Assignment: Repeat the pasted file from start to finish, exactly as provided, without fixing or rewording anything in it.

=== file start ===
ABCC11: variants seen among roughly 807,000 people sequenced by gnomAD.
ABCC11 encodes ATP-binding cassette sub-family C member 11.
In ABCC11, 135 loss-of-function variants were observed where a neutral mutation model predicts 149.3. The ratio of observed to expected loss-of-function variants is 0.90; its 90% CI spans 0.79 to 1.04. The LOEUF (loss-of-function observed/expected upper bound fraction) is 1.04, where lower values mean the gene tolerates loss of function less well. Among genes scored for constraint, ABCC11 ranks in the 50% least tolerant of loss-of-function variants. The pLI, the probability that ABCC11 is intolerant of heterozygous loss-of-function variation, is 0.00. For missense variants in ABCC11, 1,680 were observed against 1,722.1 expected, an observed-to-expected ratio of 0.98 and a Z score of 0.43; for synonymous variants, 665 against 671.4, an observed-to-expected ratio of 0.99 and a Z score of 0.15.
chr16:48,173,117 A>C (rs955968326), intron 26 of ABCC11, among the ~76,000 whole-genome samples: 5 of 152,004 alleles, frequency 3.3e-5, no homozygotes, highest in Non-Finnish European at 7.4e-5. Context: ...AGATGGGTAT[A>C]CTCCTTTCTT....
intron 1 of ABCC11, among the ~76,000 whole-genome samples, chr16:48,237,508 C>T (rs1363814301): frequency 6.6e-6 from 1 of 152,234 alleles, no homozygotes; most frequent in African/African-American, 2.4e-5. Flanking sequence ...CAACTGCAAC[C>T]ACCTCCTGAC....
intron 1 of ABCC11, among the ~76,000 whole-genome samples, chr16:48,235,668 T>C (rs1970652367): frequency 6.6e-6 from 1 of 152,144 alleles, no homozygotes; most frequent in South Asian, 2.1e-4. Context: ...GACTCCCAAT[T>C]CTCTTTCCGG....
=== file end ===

ABCC11: variants seen among roughly 807,000 people sequenced by gnomAD.
ABCC11 encodes ATP-binding cassette sub-family C member 11.
In ABCC11, 135 loss-of-function variants were observed where a neutral mutation model predicts 149.3. The ratio of observed to expected loss-of-function variants is 0.90; its 90% CI spans 0.79 to 1.04. The LOEUF (loss-of-function observed/expected upper bound fraction) is 1.04, where lower values mean the gene tolerates loss of function less well. Among genes scored for constraint, ABCC11 ranks in the 50% least tolerant of loss-of-function variants. The pLI, the probability that ABCC11 is intolerant of heterozygous loss-of-function variation, is 0.00. For missense variants in ABCC11, 1,680 were observed against 1,722.1 expected, an observed-to-expected ratio of 0.98 and a Z score of 0.43; for synonymous variants, 665 against 671.4, an observed-to-expected ratio of 0.99 and a Z score of 0.15.
chr16:48,173,117 A>C (rs955968326), intron 26 of ABCC11, among the ~76,000 whole-genome samples: 5 of 152,004 alleles, frequency 3.3e-5, no homozygotes, highest in Non-Finnish European at 7.4e-5. Context: ...AGATGGGTAT[A>C]CTCCTTTCTT....
intron 1 of ABCC11, among the ~76,000 whole-genome samples, chr16:48,237,508 C>T (rs1363814301): frequency 6.6e-6 from 1 of 152,234 alleles, no homozygotes; most frequent in African/African-American, 2.4e-5. Flanking sequence ...CAACTGCAAC[C>T]ACCTCCTGAC....
intron 1 of ABCC11, among the ~76,000 whole-genome samples, chr16:48,235,668 T>C (rs1970652367): frequency 6.6e-6 from 1 of 152,144 alleles, no homozygotes; most frequent in South Asian, 2.1e-4. Context: ...GACTCCCAAT[T>C]CTCTTTCCGG....